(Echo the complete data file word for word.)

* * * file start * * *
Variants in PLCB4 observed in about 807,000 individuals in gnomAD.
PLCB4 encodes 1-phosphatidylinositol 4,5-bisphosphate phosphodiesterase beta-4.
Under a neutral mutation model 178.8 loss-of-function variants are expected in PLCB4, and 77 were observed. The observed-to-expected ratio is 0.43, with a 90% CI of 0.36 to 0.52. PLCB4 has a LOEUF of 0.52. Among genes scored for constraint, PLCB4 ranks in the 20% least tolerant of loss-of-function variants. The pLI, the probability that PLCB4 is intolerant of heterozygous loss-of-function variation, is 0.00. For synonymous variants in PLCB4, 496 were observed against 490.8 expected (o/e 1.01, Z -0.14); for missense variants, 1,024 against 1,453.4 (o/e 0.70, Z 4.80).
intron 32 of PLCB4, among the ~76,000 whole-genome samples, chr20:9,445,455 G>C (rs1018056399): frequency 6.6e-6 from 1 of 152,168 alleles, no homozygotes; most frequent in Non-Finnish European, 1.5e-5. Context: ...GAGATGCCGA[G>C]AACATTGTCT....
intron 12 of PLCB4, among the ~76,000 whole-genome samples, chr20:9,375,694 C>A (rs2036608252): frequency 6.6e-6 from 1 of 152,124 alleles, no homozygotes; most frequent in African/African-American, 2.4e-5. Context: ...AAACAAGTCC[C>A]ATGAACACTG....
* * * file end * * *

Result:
Variants in PLCB4 observed in about 807,000 individuals in gnomAD.
PLCB4 encodes 1-phosphatidylinositol 4,5-bisphosphate phosphodiesterase beta-4.
Under a neutral mutation model 178.8 loss-of-function variants are expected in PLCB4, and 77 were observed. The observed-to-expected ratio is 0.43, with a 90% CI of 0.36 to 0.52. PLCB4 has a LOEUF of 0.52. Among genes scored for constraint, PLCB4 ranks in the 20% least tolerant of loss-of-function variants. The pLI, the probability that PLCB4 is intolerant of heterozygous loss-of-function variation, is 0.00. For synonymous variants in PLCB4, 496 were observed against 490.8 expected (o/e 1.01, Z -0.14); for missense variants, 1,024 against 1,453.4 (o/e 0.70, Z 4.80).
intron 32 of PLCB4, among the ~76,000 whole-genome samples, chr20:9,445,455 G>C (rs1018056399): frequency 6.6e-6 from 1 of 152,168 alleles, no homozygotes; most frequent in Non-Finnish European, 1.5e-5. Context: ...GAGATGCCGA[G>C]AACATTGTCT....
intron 12 of PLCB4, among the ~76,000 whole-genome samples, chr20:9,375,694 C>A (rs2036608252): frequency 6.6e-6 from 1 of 152,124 alleles, no homozygotes; most frequent in African/African-American, 2.4e-5. Context: ...AAACAAGTCC[C>A]ATGAACACTG....